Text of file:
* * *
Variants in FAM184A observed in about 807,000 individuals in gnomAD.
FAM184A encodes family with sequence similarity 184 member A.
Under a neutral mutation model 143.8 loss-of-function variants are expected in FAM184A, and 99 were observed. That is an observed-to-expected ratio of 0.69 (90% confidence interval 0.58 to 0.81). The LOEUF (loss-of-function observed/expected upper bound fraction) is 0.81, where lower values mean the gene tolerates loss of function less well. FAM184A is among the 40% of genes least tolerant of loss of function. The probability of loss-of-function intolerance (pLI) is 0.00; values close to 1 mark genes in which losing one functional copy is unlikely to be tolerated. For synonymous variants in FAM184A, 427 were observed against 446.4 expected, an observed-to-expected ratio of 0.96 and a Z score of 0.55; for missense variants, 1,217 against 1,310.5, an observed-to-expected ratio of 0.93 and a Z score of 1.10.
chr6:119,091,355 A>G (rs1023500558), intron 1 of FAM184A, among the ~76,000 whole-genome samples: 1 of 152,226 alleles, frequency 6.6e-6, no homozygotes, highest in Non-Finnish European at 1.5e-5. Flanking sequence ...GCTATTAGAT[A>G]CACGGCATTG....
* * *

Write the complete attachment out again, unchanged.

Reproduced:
Variants in FAM184A observed in about 807,000 individuals in gnomAD.
FAM184A encodes family with sequence similarity 184 member A.
Under a neutral mutation model 143.8 loss-of-function variants are expected in FAM184A, and 99 were observed. That is an observed-to-expected ratio of 0.69 (90% confidence interval 0.58 to 0.81). The LOEUF (loss-of-function observed/expected upper bound fraction) is 0.81, where lower values mean the gene tolerates loss of function less well. FAM184A is among the 40% of genes least tolerant of loss of function. The probability of loss-of-function intolerance (pLI) is 0.00; values close to 1 mark genes in which losing one functional copy is unlikely to be tolerated. For synonymous variants in FAM184A, 427 were observed against 446.4 expected, an observed-to-expected ratio of 0.96 and a Z score of 0.55; for missense variants, 1,217 against 1,310.5, an observed-to-expected ratio of 0.93 and a Z score of 1.10.
chr6:119,091,355 A>G (rs1023500558), intron 1 of FAM184A, among the ~76,000 whole-genome samples: 1 of 152,226 alleles, frequency 6.6e-6, no homozygotes, highest in Non-Finnish European at 1.5e-5. Flanking sequence ...GCTATTAGAT[A>G]CACGGCATTG....